Last month, U.S. Sen. Steve Daines visited the City Club in Missoula to chat with constituents about issues important to Montanans. A priority issue to hunters and anglers across Montana is the Land and Water Conservation Fund (LWCF).
One of the nation’s most successful tools for increasing public access to our lands and waters, LWCF was permanently reauthorized earlier this year, with overwhelming bipartisan support (92-8 in the Senate and 363-62 in the House, with all three of our delegates voting in favor). But no funding was designated to the program. Currently, funding for LWCF is determined through the annual appropriations process, which provides no ability for certainty of funding amounts from one year to the next.
How does that affect hunters and anglers across Montana? Here are some tangible examples.
More than 75% of Montana’s fishing access sites were made possible thanks to LWCF funding. Just a few weeks ago, we saw LWCF in action as the Bureau of Land Management announced its plan to use these funds to acquire 13,000 acres of prime hunting and fishing lands along the lower Blackfoot River currently owned by the Nature Conservancy. While that is great to see, there are more than 3 million acres of public lands in Montana that are currently inaccessible. This is the biggest issue that LWCF can help resolve and why it’s critical that it receives full and dedicating funding.
U.S. Sens. Jon Tester and Steve Daines know that Montana sportsmen and -women rely on public access opened by LWCF not only to maintain our outdoor heritage but also to support our families financially. Many guides, outfitters, shop owners, hoteliers, convenience store and gas station owners are acutely aware of the economic value of access to our public lands and waters, not to mention the businesses that choose to stay in Big Sky Country or relocate here because of our world class outdoor opportunities. Truth be told, I started my own business in Montana so that I could stay here because of the gold-standard access, habitat and opportunities found on Montana’s public lands and waters.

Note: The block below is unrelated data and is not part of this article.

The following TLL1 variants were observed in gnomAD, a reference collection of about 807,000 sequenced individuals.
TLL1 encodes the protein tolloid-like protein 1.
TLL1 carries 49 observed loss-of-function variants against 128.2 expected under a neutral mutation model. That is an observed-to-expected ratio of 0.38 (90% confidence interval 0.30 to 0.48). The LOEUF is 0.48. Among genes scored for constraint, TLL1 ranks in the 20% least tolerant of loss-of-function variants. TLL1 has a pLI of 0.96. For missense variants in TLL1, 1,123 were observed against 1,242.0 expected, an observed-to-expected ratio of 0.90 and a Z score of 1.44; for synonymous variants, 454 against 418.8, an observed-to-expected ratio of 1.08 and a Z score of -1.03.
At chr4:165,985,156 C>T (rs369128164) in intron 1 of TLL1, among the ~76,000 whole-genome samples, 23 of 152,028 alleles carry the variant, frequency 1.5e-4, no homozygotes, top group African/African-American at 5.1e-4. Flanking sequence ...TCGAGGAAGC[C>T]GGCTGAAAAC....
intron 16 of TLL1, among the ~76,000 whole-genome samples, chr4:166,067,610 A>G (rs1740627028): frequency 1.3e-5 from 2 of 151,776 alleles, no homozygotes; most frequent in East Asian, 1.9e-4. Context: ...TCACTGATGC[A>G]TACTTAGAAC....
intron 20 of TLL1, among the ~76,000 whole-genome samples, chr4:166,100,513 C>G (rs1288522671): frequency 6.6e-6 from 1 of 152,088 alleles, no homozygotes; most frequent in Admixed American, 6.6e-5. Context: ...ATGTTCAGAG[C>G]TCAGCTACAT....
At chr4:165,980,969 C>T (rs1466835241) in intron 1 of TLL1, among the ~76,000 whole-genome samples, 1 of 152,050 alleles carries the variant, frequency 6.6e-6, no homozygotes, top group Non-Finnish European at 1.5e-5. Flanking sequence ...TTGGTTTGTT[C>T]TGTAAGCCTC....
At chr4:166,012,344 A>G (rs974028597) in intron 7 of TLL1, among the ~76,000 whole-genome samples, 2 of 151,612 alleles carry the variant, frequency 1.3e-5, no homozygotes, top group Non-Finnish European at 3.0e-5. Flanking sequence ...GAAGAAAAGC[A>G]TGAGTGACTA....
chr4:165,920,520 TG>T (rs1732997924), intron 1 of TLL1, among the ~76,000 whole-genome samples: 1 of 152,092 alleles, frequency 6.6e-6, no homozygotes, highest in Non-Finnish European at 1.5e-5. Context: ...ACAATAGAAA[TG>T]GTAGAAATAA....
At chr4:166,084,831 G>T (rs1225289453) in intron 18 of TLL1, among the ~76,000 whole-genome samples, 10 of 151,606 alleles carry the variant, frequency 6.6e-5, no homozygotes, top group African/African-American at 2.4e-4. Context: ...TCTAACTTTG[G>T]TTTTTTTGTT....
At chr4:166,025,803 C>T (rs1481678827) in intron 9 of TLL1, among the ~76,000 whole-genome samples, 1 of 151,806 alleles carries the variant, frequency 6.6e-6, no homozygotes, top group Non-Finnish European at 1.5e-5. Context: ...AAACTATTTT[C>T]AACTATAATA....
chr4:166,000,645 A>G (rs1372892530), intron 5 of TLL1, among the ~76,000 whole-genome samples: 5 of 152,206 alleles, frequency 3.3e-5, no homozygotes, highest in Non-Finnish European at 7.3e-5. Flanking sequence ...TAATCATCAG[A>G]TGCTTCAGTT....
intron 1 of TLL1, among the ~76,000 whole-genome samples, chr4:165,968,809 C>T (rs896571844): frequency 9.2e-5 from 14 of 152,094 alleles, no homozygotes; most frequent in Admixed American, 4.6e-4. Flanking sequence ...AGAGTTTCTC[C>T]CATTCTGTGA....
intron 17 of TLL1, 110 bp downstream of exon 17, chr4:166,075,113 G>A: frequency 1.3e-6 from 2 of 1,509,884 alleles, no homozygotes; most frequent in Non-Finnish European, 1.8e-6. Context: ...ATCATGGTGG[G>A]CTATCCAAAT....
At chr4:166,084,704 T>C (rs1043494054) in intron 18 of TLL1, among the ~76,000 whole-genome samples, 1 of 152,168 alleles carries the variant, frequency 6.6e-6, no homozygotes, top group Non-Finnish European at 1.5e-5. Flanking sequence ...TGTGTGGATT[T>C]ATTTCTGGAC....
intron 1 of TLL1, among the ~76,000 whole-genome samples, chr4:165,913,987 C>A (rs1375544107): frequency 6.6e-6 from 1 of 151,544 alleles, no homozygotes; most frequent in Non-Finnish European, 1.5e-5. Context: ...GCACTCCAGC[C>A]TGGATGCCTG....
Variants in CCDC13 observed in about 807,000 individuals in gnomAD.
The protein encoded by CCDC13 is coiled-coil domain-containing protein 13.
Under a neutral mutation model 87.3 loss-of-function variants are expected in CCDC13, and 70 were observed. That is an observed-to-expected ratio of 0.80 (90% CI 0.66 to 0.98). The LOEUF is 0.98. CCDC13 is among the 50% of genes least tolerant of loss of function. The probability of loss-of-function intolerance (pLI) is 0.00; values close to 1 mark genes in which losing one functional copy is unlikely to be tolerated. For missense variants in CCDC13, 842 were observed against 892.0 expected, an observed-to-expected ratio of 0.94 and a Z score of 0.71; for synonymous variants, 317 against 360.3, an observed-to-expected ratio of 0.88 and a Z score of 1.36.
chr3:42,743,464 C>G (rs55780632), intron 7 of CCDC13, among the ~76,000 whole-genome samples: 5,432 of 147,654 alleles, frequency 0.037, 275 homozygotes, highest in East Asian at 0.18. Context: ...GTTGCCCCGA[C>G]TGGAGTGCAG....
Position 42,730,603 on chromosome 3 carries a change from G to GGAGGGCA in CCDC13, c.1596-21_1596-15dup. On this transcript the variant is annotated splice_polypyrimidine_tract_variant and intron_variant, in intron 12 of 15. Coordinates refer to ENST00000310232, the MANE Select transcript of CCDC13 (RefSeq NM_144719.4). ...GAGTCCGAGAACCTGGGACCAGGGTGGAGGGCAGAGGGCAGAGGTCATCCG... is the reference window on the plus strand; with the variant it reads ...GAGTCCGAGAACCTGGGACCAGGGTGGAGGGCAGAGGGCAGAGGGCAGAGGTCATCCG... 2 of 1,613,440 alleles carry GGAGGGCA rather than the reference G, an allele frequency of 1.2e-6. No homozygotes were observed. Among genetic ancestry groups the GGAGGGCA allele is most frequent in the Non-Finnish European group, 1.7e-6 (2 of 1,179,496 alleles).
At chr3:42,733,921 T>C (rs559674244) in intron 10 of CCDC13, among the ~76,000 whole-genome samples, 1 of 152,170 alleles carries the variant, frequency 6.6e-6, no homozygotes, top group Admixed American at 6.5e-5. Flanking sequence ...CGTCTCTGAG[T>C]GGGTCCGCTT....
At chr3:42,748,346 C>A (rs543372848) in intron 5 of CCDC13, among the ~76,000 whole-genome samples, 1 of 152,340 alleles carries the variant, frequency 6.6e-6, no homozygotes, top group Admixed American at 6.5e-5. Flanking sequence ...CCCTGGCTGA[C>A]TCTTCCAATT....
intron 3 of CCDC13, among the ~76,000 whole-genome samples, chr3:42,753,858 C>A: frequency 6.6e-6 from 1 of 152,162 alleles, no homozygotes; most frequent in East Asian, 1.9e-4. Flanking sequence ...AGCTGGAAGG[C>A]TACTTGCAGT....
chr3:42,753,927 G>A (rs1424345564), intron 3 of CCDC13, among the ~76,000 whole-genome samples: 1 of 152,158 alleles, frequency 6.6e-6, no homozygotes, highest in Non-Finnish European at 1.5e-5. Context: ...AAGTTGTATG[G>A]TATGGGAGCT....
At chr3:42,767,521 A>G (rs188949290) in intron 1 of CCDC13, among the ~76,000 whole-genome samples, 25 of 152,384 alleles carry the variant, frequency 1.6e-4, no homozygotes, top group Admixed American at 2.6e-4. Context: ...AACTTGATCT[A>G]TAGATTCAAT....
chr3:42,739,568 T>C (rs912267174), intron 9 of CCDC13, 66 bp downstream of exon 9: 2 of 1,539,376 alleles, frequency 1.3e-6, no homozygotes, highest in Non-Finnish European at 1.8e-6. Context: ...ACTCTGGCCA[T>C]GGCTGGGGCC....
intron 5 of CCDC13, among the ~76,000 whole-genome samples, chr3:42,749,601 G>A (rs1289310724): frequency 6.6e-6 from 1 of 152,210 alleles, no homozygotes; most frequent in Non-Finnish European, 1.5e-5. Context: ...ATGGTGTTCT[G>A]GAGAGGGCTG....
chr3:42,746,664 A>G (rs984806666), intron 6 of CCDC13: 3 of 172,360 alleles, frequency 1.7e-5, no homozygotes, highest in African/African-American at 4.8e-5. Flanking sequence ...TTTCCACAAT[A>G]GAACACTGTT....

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Tester has long supported full, dedicated funding for LWCF and has continually worked across the aisle to push to get it done. Daines has shown support for LWCF, and when asked during his visit at the City Club in Missoula, he said the current appropriations request of $600 million for LWCF was similar to reaching a “high altitude base camp on Everest,” with full funding being the summit.
I’m glad to see Daines’ support for increasing funding, and we need to work together to attain that summit of $900 million, especially while 3 million acres of public land are out of reach for Montanans.
While Tester and Daines are making progress on full funding for LWCF, Montana’s lone congressman has remained silent. U.S. Rep. Greg Gianforte deserves credit for his vote to permanently reauthorize LWCF, however, to-date he has not publicly supported fully funding LWCF. In fact, right now he has the opportunity to sign on as cosponsor to HR 3195, which would provide full, dedicated funding for LWCF. He should do this now.
It’s time for Congressman Gianforte to do right by Montanans who collectively value our public lands. And it’s time that Senator Daines make a run for the summit of fully funding LWCF, because we need every penny we can get to solve this access problem in Montana.